You recognise the link between efficient data access and profitability, so choice of board platform is a personal priority. And where an existing platform or process is failing, you know that a more effective alternative should be sourced as quickly as possible.
But how do you get the rest of the board on board with your desire for change?
Your 10-step plan for success
Establishing a convincing case for change is never easy, even when your board is committed to transformation. Preparing a strong argument is a 10-step process:
1. Needs Assessment and Gap Analysis
You are probably only considering a new board platform because of problems with your existing software and processes. It is possible that you are still wholly reliant on manual processes and spreadsheets, magnifying the problems and inefficiencies you experience. However, developing a convincing case for change will mean identifying exactly what a replacement platform must deliver and how your existing system is failing to deliver on those requirements.
Don’t forget to collect the needs of the entire board – they will each have their own priorities and ideas as to what a replacement system must offer. By considering all needs you are better able to select a tool that will suit everyone. More importantly, the more needs a platform meets, the easier it will be to convince stakeholders to support your proposal.
Quantifying the gap between what you need and what you have makes it easier to understand where potential improvements may be made. This analysis will also serve as a blueprint for what any potential replacement must offer.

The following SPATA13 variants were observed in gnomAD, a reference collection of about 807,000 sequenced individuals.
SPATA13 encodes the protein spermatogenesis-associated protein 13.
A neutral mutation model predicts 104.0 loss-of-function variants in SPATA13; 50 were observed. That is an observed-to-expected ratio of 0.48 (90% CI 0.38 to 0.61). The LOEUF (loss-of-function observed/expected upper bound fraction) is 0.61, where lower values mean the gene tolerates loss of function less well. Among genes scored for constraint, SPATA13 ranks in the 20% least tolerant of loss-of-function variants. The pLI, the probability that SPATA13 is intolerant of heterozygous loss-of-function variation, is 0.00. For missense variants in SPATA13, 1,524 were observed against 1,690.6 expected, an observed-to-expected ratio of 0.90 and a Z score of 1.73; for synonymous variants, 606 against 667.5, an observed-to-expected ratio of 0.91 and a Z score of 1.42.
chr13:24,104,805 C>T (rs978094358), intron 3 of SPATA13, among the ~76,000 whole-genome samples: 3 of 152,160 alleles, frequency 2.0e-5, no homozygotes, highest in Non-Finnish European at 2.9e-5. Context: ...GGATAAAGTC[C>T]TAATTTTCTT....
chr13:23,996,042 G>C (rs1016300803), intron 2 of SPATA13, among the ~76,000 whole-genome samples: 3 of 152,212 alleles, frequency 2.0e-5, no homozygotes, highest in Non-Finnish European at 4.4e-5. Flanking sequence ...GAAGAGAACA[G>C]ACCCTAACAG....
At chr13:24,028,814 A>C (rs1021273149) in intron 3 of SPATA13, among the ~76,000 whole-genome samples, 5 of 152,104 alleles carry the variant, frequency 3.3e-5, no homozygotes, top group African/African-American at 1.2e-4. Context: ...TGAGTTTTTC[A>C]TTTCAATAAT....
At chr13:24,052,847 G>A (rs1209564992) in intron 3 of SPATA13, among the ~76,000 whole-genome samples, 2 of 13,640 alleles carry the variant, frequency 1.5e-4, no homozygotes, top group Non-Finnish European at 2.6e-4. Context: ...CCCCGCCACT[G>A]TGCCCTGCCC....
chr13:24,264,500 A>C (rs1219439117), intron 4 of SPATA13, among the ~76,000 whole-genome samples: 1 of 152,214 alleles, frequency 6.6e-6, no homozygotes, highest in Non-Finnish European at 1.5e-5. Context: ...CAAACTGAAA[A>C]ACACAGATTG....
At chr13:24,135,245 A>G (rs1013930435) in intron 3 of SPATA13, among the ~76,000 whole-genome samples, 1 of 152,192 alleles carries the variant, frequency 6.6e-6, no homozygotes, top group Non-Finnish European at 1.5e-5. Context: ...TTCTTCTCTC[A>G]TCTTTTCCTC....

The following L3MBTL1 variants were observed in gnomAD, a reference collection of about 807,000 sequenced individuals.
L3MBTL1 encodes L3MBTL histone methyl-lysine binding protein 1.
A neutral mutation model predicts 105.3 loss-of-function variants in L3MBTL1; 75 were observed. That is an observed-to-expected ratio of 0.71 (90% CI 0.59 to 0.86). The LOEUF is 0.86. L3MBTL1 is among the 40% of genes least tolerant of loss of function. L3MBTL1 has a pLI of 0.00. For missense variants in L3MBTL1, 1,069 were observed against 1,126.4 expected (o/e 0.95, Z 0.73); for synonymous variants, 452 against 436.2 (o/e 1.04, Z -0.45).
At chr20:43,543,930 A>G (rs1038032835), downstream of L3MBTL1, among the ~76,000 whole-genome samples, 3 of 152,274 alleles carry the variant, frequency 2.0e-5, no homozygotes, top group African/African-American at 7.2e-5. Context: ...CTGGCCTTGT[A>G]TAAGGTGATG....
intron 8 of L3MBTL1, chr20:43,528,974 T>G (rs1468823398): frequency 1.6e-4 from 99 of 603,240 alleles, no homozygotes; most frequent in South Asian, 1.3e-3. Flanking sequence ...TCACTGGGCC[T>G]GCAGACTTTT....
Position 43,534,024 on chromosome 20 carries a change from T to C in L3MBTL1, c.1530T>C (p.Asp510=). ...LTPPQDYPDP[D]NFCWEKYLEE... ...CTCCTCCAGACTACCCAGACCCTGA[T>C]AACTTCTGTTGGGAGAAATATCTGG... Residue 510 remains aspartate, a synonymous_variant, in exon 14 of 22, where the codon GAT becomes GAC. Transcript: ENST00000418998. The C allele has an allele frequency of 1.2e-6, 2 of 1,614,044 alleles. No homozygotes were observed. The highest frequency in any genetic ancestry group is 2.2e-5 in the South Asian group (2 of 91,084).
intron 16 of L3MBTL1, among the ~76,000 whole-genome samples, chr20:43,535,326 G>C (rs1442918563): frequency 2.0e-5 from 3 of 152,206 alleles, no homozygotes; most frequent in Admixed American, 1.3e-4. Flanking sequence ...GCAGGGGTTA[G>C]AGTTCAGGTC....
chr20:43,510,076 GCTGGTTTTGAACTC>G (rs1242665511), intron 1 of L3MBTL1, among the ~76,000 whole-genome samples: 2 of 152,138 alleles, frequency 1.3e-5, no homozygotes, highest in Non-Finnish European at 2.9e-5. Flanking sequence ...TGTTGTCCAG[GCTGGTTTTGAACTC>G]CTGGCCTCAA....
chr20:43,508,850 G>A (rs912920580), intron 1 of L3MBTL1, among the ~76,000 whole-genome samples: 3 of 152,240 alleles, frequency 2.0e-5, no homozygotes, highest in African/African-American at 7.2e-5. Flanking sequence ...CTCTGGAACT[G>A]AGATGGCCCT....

2. Strategic Alignment
Change only makes sense when it is aligned with strategy. So, it follows that any change of board platform must align with the wider aims of the business if it is to deliver genuine value.
Most organisations will have broad goals – improve efficiency, reduce risk, enhance security, simplify data sharing, empower smarter decision making etc. However, your argument must show how changing platforms will help move the organisation forwards. And if you can align with specific goals, your case becomes much stronger.
It is worth bearing in mind that each stakeholder will have their own secondary strategic goals. Ensuring that any proposed replacement platform can also meet these aims will be a powerful argument in favour of change.
3. Value Proposition
For many stakeholders, this will be their key consideration – what value will change bring? Perhaps more importantly, what value will change bring for them personally? By developing a value proposition, you seek to quantify exactly how much benefit you expect the new platform to bring.
For evidence-driven stakeholders, the proposition must include accurate estimates regarding new efficiencies. You may have to work with vendors to quantify:
- Time savings
- Resource requirement reductions
- Savings through risk reduction and improved compliance
4. Stakeholder Engagement
Engaging stakeholders early in the planning process offers several benefits – for you and for your colleagues. You will have already begun this process during the needs analysis phase, but you will need to continue engagement to keep other parties motivated and interested in progressing the project.
Regular engagement will prevent your project from being derailed or delivering less-than-optimal ROI as needs change. It will also help to encourage shared ownership as board members work together towards reaching the strategic goals of the project – and the rest of the business.
5. Risk Assessment and Mitigation
No change is entirely risk free, regardless of what a vendor promises. When establishing a credible plan, you must not only acknowledge potential risk but also to quantify the impact should something go wrong.
Specifying risks early also provides an opportunity to identify how they will be mitigated. Doing so shows that the plan has been properly considered, helping to smooth migration should the project go ahead. Quantifying risks and the cost of mitigation will also help with the next stage of the success plan – calculating ROI.